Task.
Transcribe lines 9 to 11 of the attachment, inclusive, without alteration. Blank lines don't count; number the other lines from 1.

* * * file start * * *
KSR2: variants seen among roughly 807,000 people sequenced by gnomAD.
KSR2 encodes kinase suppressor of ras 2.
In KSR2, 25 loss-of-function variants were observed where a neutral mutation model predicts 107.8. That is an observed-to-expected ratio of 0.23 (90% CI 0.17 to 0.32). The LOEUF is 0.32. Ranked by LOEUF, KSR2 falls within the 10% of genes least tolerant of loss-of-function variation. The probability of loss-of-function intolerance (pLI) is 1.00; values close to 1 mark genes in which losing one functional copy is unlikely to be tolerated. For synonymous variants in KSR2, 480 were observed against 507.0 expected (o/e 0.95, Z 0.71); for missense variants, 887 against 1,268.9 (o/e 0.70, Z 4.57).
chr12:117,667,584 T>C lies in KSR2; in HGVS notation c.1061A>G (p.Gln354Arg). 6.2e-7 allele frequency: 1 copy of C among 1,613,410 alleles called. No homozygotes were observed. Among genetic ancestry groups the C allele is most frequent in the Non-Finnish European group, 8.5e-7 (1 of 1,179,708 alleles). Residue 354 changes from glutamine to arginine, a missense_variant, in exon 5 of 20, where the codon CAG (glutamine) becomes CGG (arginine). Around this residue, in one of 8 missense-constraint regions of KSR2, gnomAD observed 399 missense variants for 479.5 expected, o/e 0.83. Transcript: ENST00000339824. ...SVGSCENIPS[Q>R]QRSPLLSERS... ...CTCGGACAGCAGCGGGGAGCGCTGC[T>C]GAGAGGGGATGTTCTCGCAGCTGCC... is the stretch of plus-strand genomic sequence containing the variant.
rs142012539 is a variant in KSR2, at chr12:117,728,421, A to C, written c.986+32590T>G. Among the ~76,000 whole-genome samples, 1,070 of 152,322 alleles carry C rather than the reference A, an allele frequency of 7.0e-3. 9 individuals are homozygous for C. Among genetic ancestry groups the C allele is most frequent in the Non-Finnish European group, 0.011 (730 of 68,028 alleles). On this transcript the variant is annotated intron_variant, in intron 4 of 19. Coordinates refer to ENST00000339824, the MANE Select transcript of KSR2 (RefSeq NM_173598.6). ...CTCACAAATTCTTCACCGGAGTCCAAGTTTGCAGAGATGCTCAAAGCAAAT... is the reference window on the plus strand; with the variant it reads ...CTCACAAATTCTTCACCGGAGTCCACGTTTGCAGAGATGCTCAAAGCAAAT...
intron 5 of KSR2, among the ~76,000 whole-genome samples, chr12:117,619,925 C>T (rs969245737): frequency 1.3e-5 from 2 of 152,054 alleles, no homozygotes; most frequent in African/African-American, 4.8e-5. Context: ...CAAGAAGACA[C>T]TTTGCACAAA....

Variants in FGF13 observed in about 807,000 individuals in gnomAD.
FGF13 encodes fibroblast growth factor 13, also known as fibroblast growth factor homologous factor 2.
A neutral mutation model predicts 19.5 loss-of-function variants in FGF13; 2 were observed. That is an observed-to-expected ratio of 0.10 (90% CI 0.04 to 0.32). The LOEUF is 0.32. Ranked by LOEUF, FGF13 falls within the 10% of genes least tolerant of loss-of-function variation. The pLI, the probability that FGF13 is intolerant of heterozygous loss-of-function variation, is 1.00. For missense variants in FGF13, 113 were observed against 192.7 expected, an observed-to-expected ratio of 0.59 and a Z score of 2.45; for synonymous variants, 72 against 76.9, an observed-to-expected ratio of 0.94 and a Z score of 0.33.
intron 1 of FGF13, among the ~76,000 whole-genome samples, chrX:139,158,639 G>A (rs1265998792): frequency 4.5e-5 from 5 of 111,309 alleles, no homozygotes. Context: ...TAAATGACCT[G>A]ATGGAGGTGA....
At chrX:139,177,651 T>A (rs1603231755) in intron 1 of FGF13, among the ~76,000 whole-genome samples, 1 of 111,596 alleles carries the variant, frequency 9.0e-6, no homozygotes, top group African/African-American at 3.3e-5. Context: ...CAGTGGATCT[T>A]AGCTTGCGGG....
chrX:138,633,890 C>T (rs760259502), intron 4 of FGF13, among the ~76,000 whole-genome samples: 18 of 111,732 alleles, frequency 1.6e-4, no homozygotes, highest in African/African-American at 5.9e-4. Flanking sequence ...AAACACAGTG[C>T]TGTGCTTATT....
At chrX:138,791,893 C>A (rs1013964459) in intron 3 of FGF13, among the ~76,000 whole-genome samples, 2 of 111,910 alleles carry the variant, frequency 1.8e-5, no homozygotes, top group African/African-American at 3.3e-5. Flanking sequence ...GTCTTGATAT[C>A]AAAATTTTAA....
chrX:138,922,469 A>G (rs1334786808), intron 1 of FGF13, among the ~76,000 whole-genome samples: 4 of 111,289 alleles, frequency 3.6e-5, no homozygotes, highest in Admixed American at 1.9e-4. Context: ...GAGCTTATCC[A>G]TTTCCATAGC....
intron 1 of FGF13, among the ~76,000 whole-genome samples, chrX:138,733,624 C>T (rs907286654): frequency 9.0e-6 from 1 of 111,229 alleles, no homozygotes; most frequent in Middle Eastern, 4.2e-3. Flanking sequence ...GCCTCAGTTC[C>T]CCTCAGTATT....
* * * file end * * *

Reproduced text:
A neutral mutation model predicts 19.5 loss-of-function variants in FGF13; 2 were observed. That is an observed-to-expected ratio of 0.10 (90% CI 0.04 to 0.32). The LOEUF is 0.32. Ranked by LOEUF, FGF13 falls within the 10% of genes least tolerant of loss-of-function variation. The pLI, the probability that FGF13 is intolerant of heterozygous loss-of-function variation, is 1.00. For missense variants in FGF13, 113 were observed against 192.7 expected, an observed-to-expected ratio of 0.59 and a Z score of 2.45; for synonymous variants, 72 against 76.9, an observed-to-expected ratio of 0.94 and a Z score of 0.33.
intron 1 of FGF13, among the ~76,000 whole-genome samples, chrX:139,158,639 G>A (rs1265998792): frequency 4.5e-5 from 5 of 111,309 alleles, no homozygotes. Context: ...TAAATGACCT[G>A]ATGGAGGTGA....
At chrX:139,177,651 T>A (rs1603231755) in intron 1 of FGF13, among the ~76,000 whole-genome samples, 1 of 111,596 alleles carries the variant, frequency 9.0e-6, no homozygotes, top group African/African-American at 3.3e-5. Context: ...CAGTGGATCT[T>A]AGCTTGCGGG....